Cenovus Energy Inc. (TSX:CVE)(NYSE:CVE) continues to struggle, as Q1 results last week were disappointing, despite an improved performance from the company’s top line. Total sales of $4.6 billion for the quarter were up an impressive 30% year over year, but it wasn’t enough for Cenovus to avoid staying out of the red.
What was behind the poor results?
Cenovus was weighed down heavily in Q1 by risk-management losses, which saddled the company with $330 million in added costs for the quarter, whereas a year ago a gain of $200 million helped the company finish well above breakeven. Foreign exchange also made a big swing in the wrong direction, as the company incurred $277 million in expenses from that line item, which, a year ago, produced a gain of $76 million. On top of all that, Cenovus also incurred a cost of $117 million related to last year’s acquisition and a contingent payment it owes to ConocoPhillips (NYSE:COP).
These three items resulted in Cenovus incurring $1 billion more in expenses this quarter than it did a year ago, and with other operational expenses rising as well, it’s easy to see how the company finished the quarter so poorly.
Although Cenovus is trading at a big discount to its book value, there are three reasons I’d be hesitant to invest today.
The company was negatively impacted by rising oil prices
One of the big expenses this past quarter was the company’s contingent payment to ConocoPhillips, which was re-measured and resulted in Cenovus adding $117 million in costs to its financials. The agreement between the two companies says that when average oil prices for Western Canadian Select exceed $52 per barrel, Cenovus will need to pay $6 million for each dollar that it is higher. The arrangement is for five years and will last until 2022. While the benefits will outweigh the costs if oil prices rise, it’s another way for the company’s performance to be dragged down.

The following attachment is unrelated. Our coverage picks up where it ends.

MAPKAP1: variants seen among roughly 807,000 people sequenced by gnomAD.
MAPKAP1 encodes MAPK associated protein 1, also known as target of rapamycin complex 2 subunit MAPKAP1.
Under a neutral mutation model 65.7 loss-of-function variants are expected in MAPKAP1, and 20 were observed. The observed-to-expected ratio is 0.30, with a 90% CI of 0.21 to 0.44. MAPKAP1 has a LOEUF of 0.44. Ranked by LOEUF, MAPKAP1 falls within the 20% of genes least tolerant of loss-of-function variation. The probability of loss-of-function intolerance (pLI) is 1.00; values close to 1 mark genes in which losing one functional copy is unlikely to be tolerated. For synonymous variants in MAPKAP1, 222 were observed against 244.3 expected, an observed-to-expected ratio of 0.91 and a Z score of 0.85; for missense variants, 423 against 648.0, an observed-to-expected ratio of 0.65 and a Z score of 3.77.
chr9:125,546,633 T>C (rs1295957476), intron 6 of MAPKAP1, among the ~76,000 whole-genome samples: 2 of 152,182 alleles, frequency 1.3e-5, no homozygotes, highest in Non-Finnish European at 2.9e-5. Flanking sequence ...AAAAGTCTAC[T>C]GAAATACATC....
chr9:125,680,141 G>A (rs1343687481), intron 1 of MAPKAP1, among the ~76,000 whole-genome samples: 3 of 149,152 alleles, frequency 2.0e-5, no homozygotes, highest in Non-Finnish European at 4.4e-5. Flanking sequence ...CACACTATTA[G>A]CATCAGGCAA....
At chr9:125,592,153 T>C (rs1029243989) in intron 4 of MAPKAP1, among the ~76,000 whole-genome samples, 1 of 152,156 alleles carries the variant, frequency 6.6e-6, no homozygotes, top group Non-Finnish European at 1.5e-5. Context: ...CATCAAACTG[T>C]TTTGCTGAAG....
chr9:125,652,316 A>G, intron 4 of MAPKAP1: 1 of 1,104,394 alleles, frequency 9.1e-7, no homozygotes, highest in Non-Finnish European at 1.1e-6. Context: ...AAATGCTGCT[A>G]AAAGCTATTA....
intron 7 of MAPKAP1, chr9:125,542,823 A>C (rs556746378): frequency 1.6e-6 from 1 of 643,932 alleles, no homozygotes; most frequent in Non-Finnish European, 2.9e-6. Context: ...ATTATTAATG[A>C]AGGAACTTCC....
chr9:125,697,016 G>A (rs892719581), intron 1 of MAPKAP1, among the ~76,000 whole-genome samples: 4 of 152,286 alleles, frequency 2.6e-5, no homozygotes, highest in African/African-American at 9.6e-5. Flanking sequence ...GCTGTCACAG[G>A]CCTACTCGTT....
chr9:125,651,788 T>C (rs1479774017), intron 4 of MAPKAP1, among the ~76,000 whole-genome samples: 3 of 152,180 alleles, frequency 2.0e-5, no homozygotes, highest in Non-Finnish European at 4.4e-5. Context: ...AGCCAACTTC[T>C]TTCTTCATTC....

Non-operational items played too big of a role in the company’s performance
It’s frustrating for investors to see that a company that had strong growth in sales perform worse in the end. Higher sales should mean that more profits flow to the bottom line, and we’ve seen the opposite happen here. Due to the hedging and risk-management activities we’ve seen oil and gas companies engage in, these are swings that investors can’t ignore.
However, Cenovus CEO Alex Pourbaix indicated the company would not be as aggressive as it was under previous management, stating, “I don’t think you will ever see this company hedge at the very high levels that you’ve seen this year and in the back half of last year.”
The loss would have been worse if not for income tax recoveries and discontinued operations
While you might say that the negative effects of the company’s hedging and risk-management activities were temporary, you could also say the same about the tax recoveries and earnings from discontinued operations that Cenovus benefited from in Q1. Without an income tax recovery of $158 million and earnings from discontinued operations totaling $260 million, the quarter could have been even worse than it was.
This article represents the opinion of the writer, who may disagree with the “official” recommendation position of a Motley Fool premium service or advisor. We’re Motley! Questioning an investing thesis — even one of our own — helps us all think critically about investing and make decisions that help us become smarter, happier, and richer, so we sometimes publish articles that may not be in line with recommendations, rankings or other content.
Fool contributor David Jagielski has no position in any of the stocks mentioned.